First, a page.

Sakura is her latest, self-released CD, following St. Louis Blues and NYC Serenade from the Japanese label MOJO Records.
She leads a fabulous quartet with Jerry Weldon on tenor, Bob DeVos on guitar and Rudy Petschauer on drums through an attractive program of originals and standards. Wonderful trumpeter Joe Magnarelli makes apperance on three tracks. In addition to two Japanese songs ("Sukiyaki" and "Sakura"), Tsuruga asserts her identity through excellent original compositions that are firmly rooted in the jazz organ tradition in the US.
Another wonderful CD by a talented organist: Every tune is filled with groove, swing and joy! Recommended!
Recorded at Showplace Studios, Dover, NJ on April 19 and 20, 2011
1. Sweet Yam Potato
4. You Betcha
5. Valdez in the Country
7. What a Difference a Day Makes
8. Pretty Please?
10. Showman's Boogaloo
11. I Won't Last a Day Without You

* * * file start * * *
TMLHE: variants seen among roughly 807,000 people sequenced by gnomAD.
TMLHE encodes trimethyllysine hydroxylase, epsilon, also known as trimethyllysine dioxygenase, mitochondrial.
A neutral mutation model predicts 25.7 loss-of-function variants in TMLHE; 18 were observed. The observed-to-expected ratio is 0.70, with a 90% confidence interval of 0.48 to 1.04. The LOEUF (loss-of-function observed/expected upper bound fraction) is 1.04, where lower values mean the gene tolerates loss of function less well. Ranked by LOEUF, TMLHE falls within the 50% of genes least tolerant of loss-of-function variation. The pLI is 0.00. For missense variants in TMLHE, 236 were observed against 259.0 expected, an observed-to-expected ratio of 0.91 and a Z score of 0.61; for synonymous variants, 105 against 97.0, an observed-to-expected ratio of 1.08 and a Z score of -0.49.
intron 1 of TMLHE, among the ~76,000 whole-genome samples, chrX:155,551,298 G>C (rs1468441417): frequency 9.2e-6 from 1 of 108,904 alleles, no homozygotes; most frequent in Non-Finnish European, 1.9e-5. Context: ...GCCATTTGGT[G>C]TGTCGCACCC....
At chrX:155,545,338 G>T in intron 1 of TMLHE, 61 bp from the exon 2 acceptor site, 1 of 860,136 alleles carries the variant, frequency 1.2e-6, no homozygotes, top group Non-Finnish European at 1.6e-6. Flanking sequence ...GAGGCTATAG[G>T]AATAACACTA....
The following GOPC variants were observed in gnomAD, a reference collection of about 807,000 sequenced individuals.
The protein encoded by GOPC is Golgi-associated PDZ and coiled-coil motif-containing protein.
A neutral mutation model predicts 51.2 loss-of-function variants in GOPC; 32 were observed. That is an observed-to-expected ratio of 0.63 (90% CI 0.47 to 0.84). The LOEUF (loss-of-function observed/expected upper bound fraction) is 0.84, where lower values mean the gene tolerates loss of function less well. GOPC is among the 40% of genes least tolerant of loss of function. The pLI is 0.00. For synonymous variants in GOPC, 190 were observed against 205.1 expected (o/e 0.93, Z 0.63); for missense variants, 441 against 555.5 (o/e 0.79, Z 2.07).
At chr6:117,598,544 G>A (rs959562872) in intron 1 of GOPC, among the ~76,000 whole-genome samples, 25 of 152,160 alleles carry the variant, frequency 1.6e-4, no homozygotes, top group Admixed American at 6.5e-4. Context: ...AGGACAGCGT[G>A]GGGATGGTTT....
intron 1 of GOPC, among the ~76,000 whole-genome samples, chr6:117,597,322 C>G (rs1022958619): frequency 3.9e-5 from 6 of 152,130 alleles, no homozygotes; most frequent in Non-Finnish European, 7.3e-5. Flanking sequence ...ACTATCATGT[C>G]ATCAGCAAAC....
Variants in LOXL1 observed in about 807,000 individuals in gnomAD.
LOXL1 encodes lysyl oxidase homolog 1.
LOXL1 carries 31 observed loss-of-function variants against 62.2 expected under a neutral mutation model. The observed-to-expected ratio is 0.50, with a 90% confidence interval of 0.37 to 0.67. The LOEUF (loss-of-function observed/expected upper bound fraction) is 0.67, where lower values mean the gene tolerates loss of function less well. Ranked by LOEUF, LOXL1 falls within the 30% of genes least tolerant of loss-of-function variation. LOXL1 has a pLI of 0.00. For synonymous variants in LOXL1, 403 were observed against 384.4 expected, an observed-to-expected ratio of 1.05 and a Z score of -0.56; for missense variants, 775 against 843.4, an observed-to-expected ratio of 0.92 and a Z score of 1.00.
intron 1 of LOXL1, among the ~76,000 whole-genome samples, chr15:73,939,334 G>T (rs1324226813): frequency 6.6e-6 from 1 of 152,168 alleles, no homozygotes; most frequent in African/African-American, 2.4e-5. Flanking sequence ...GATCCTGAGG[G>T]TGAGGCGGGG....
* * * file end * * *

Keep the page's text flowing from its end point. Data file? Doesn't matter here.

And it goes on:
12. The Good Life
Masabumi Kikuchi Trio
By John Kelman
With a surprising number of recordings coming out that represent some of drummer Paul Motian's final work before passing unexpectedly in the fall of 2011, few have created as deeply personal a tribute as the liner notes to Japanese pianist Masabumi Kikuchi's Sunrise. "Suddenly Paul was gone. He left without warning," Kikuchi writes, as he recounts his first meeting with Motian, the time they shared together in the Tethered Moon trio—which, with bassist Gary Peacock, released three albums between 1993 and 2004—through to a last visit to the hospital a week before the drummer passed. Sunrise was recorded a full two years before Motian's death, but in its angular yet strangely rounded and beveled surfaces—and liberated quietude—it may well be the closest of these last releases to truly articulating what Motian was all about.
With ten spontaneous compositions running just over fifty minutes, Sunrise explores the farther reaches of free improvisation. With its emphasis on close listening, this calmer, Zen-like approach favors substance over style, significance over pyrotechnics, and space over density. All this means that as the title track gradually coalesces, beginning with bassist Thomas Morgan alone, but quickly joined by Motian—as ever, choosing texture over tempo—its ultimate destination was, no doubt, as much a surprise to those who made it as it is for those fortunate enough to experience it.